I was feeling a bit fragile in the run up to the August Bank Holiday weekend this year- My recently deceased father’s birthday and the Blessing of the Graves. On the Saturday, as I leave to travel home for the weekend, I got an-out-of-the-blue text message from The Architect.
‘Can we talk?’
I panic, assuming it’s an arts emergency, probably related to concrete foundations.
‘Yes, what’s up?’
‘I think you're lovely’, beeps the reply.
I’m simultaneously relieved that the concrete has set and feel slightly queasy at the unexpected content of the message from someone I have known for a very long time.
A few more messages back and forth and he has asked me out on a date. To a really nice restaurant with fabulous vegetarian food, that Bank Holiday Monday. I’m in shock. On mature reflection though, I think, ‘Why the hell not?’ We are two free agents; we get on well and can talk about the setting time for concrete, if nothing else. I get excited at the idea of getting dressed up and going out somewhere, anywhere grown up, without two children in tow.
I don’t hear from The Architect the following day, or on the Monday.
I sit in by myself on the Bank Holiday Monday, half watching rubbish TV, nursing a very bruised ego.
The Architect sends me a sheepish message a few days later apologising, admitting that he had had ‘Dutch courage’ when he contacted me, and signs off saying, ‘I still think you're nice’. And then nothing.
I dust myself off and hope that we don’t have an arts emergency anytime soon.
My luck doesn’t improve when I impulsively decide to try my hand at online dating. Sure isn’t everyone at it?
Finance Guy seems keen until I try to confirm a specific time and location to meet him. He phaffs around so much that I decide to do him a favour and call off the date. I don’t hear from him again.
Lots of guys say an online ‘How’ya’, but don’t actually get beyond that. I loose patience, and confidence, very quickly.
Just as I am about to give up hope with the online thing, I can see that someone, who looks half decent, is looking at my profile. But he hasn’t actually contacted me. I send him a message. He tells me that he thinks I may be ‘too refined’ for him. I relay this to my work colleagues later, who almost fall off their chairs laughing at the possibility of me being polished.
We chat. He is relieved to hear me curse (only for effect though, I’ll have you know). Notions of my possible refinedness are soon dismissed. We arrange to meet. In Hollywood. Sure, where else would you have a date?
The idea of a meeting The Date gives me a pep in my step. I have a strange urge that I haven’t felt in a long, long time. Yes, a desire to clean my house. Soon I am cleaning windows to beat the band. I also have the inclination to take out my sketch books and to start painting again too.
A few days before we meet, The Date falls and breaks a bone in his foot. We postpone Hollywood and arrange a lunchtime date, somewhere convenient for a Dub with a ski boot and crutches.
In the middle of it all comes unforseen news. My long standing American boyfriend, Brad Pitt has just announced that he single again. I don’t know what that means for me/us long term. I had such high hopes for Brad and I, him being so good with clatters of children and all. My two would be a walk in the park for him. But it may take Brad a while to extract himself from his missus, so for now I’ll focus on The Date.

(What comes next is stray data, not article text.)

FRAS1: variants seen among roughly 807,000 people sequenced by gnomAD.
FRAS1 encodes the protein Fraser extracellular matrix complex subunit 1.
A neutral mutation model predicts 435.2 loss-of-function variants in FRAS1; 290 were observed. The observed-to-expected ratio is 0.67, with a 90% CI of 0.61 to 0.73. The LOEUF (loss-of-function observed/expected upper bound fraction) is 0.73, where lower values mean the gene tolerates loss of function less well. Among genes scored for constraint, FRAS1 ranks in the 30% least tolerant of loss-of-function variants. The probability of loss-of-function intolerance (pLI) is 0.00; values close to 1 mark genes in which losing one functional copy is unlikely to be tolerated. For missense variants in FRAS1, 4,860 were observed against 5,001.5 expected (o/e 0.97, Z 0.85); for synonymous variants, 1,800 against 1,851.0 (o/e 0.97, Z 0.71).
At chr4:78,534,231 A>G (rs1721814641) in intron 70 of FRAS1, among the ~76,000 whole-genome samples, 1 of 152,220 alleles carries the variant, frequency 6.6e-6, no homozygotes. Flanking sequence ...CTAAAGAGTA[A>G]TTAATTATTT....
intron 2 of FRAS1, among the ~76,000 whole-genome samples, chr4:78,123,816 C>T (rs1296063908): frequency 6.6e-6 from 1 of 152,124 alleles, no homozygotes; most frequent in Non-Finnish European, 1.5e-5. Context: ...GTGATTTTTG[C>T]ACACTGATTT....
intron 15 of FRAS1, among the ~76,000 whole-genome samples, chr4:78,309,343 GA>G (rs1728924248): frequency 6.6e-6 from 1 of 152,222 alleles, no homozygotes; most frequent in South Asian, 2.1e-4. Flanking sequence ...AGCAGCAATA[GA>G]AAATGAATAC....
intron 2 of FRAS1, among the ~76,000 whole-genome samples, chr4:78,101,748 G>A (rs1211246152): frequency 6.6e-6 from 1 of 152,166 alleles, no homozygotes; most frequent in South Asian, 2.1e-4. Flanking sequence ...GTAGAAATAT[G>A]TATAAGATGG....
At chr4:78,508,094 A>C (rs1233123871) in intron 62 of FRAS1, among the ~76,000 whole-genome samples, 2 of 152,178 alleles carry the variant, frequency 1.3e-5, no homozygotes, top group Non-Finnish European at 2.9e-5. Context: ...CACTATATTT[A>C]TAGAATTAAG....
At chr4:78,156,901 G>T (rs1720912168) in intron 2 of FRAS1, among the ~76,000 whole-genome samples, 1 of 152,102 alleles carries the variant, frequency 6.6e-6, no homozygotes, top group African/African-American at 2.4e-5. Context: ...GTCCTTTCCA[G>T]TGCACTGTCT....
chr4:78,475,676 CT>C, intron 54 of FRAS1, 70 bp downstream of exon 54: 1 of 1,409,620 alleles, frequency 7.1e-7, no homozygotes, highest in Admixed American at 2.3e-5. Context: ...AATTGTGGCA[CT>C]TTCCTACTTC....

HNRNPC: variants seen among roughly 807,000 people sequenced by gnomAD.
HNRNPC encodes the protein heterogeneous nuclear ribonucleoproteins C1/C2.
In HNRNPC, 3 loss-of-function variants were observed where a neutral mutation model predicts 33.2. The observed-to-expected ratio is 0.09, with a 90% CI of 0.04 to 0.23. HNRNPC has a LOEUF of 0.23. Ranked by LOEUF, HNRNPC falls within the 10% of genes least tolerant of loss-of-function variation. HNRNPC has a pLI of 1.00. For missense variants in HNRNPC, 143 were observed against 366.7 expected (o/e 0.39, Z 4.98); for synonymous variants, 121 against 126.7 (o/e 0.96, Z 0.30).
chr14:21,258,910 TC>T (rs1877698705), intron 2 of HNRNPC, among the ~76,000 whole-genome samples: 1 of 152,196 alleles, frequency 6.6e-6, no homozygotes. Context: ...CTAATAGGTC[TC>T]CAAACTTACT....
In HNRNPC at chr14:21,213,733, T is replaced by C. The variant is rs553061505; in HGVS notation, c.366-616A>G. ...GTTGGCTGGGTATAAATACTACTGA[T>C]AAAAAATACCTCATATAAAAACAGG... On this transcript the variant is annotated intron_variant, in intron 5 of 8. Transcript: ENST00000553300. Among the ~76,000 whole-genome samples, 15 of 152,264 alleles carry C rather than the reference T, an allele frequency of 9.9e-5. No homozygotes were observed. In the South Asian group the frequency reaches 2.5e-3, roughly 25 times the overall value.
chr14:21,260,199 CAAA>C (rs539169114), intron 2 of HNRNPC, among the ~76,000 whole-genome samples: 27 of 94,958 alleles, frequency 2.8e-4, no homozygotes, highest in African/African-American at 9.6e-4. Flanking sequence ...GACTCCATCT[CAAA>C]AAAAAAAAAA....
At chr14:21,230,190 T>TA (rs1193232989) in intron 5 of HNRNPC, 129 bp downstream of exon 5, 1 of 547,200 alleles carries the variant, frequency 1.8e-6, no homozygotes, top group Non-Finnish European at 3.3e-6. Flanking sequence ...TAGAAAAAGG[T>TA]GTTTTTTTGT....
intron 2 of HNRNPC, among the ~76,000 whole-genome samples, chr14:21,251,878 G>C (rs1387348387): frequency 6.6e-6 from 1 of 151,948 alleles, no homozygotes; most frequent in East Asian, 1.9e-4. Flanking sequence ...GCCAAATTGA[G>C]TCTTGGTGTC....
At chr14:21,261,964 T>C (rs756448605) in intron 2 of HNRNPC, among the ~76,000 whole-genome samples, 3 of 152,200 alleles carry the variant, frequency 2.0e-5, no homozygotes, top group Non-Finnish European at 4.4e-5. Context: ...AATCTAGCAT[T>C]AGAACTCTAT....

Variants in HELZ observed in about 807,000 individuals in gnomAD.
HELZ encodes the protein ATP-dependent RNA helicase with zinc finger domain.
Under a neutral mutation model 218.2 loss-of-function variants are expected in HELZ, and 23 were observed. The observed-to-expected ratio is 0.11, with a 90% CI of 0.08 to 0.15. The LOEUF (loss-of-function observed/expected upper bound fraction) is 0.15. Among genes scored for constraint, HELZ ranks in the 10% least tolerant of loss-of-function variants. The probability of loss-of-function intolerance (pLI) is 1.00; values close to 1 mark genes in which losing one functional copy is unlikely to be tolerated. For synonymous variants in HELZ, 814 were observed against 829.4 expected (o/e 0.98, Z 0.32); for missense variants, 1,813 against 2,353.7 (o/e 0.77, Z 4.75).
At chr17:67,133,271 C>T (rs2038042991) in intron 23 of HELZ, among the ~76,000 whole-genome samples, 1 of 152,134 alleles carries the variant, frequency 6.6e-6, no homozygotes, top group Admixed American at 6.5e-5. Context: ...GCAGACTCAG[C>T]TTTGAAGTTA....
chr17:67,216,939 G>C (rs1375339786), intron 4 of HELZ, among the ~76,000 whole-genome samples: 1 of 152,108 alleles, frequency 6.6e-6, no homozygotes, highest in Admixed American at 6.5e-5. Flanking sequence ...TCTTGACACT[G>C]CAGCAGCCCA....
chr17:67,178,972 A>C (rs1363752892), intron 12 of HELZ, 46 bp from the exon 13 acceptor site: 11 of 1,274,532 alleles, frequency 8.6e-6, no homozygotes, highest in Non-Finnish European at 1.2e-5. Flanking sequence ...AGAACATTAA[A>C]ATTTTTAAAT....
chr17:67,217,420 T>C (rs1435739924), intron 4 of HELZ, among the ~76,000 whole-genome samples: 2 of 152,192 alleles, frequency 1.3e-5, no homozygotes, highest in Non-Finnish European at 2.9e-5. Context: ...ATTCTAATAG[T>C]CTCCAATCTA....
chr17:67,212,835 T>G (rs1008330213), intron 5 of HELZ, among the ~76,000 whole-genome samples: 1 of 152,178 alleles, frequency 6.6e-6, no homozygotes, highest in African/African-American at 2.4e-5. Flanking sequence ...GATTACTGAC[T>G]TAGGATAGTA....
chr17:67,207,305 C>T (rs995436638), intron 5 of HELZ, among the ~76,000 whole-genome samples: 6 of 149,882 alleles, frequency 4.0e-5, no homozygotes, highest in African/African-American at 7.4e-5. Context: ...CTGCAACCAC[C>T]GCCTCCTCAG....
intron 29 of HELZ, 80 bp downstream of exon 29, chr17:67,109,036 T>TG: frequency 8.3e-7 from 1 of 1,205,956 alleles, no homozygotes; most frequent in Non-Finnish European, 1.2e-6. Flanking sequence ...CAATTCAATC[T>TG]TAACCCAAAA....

The day that I am due to meet The Date is the day when Today FM Radio is encouraging their female listeners to wear their wedding dresses to work, as part of the station’s ‘Dare to Care’ fundraising project for the Irish Cancer Society. I wonder if The Date would think I was jumping the gun if I wore mine to meet him. I decide against.
I’ll taking a half-day from work to meet him and I really wish I had paid more attention to those office-to-evening fashion features in the glossy magazines. I text The Date that morning, saying that I am running late, such was the dilemma of what to wear. He text me back saying that he was wearing a tracksuit. I’m sitting at my office desk in my carefully accessorised baby pink Karen Millen silk dress and he is wearing flannel. I think I might cry. Over a piece of synthetic fabric. Or in my mind, the message that his effort level was ‘ZERO’.
He redeems himself, explaining, very reasonably, that the trackie bottoms are convenient for his appointment with his osteopath and that he would change his clothes before we meet.
And there he is, spruced up, sporting a protective boot that wouldn’t look out of place in Star Wars. The music in the pub is too loud. The music in the restaurant that we go to is blaring too. I wonder if all of the natives were deafened from shouting during the recent All Ireland final, or if it’s just me. The waitress brings me a meaty pizza and doesn’t apologise that she got it wrong. The Date’s Star Wars boot looks cumbersome and awkward, but he doesn’t complain.
The Date looks different in real life, more three dimensional. Obviously. And handsome. We have nothing in common and everything in common. He tells me that he likes my freckles. I blush and suddenly feel self-aware, like I did as a child when an adult would bend down to me and ask me, in a kind voice, ‘Where did you get those big brown eyes?’
Four hours later and it’s gone in a flash. I have to go.
Later, I look in the mirror and observe that indeed, my face is scattered with little brown speckles, probably recently enhanced by a sunny weeks holiday in Wexford. I stand there and watch this stranger in the mirror and realise that it’s been a long, long time since I really looked at myself.
It would a shame to quit while I’m ahead, wouldn’t it ?